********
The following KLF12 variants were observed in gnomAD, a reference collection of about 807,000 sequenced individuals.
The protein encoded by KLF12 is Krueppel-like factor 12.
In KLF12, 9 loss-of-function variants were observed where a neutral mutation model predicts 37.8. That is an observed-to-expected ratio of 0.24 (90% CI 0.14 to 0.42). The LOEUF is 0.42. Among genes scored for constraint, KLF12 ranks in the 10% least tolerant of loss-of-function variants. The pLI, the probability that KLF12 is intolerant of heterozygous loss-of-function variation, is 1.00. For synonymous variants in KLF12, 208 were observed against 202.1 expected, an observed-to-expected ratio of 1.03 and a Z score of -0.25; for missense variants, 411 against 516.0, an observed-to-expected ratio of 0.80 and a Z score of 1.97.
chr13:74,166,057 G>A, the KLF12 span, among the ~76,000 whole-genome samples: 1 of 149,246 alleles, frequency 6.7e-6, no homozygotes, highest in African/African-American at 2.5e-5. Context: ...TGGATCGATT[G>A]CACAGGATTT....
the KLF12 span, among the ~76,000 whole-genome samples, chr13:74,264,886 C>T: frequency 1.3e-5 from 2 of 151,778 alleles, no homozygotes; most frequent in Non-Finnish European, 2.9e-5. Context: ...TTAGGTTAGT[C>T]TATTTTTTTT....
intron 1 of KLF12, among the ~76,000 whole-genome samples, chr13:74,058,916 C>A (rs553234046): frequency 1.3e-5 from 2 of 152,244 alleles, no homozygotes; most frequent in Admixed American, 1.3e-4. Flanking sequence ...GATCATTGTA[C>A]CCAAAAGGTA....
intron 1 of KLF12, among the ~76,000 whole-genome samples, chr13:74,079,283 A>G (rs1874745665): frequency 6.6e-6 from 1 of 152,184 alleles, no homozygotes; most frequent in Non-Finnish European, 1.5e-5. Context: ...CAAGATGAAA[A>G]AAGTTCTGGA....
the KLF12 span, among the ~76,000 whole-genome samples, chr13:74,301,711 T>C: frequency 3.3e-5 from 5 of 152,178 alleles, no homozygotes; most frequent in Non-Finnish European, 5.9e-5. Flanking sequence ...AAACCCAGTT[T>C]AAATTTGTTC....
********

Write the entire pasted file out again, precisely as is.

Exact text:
The following KLF12 variants were observed in gnomAD, a reference collection of about 807,000 sequenced individuals.
The protein encoded by KLF12 is Krueppel-like factor 12.
In KLF12, 9 loss-of-function variants were observed where a neutral mutation model predicts 37.8. That is an observed-to-expected ratio of 0.24 (90% CI 0.14 to 0.42). The LOEUF is 0.42. Among genes scored for constraint, KLF12 ranks in the 10% least tolerant of loss-of-function variants. The pLI, the probability that KLF12 is intolerant of heterozygous loss-of-function variation, is 1.00. For synonymous variants in KLF12, 208 were observed against 202.1 expected, an observed-to-expected ratio of 1.03 and a Z score of -0.25; for missense variants, 411 against 516.0, an observed-to-expected ratio of 0.80 and a Z score of 1.97.
chr13:74,166,057 G>A, the KLF12 span, among the ~76,000 whole-genome samples: 1 of 149,246 alleles, frequency 6.7e-6, no homozygotes, highest in African/African-American at 2.5e-5. Context: ...TGGATCGATT[G>A]CACAGGATTT....
the KLF12 span, among the ~76,000 whole-genome samples, chr13:74,264,886 C>T: frequency 1.3e-5 from 2 of 151,778 alleles, no homozygotes; most frequent in Non-Finnish European, 2.9e-5. Context: ...TTAGGTTAGT[C>T]TATTTTTTTT....
intron 1 of KLF12, among the ~76,000 whole-genome samples, chr13:74,058,916 C>A (rs553234046): frequency 1.3e-5 from 2 of 152,244 alleles, no homozygotes; most frequent in Admixed American, 1.3e-4. Flanking sequence ...GATCATTGTA[C>A]CCAAAAGGTA....
intron 1 of KLF12, among the ~76,000 whole-genome samples, chr13:74,079,283 A>G (rs1874745665): frequency 6.6e-6 from 1 of 152,184 alleles, no homozygotes; most frequent in Non-Finnish European, 1.5e-5. Context: ...CAAGATGAAA[A>G]AAGTTCTGGA....
the KLF12 span, among the ~76,000 whole-genome samples, chr13:74,301,711 T>C: frequency 3.3e-5 from 5 of 152,178 alleles, no homozygotes; most frequent in Non-Finnish European, 5.9e-5. Flanking sequence ...AAACCCAGTT[T>C]AAATTTGTTC....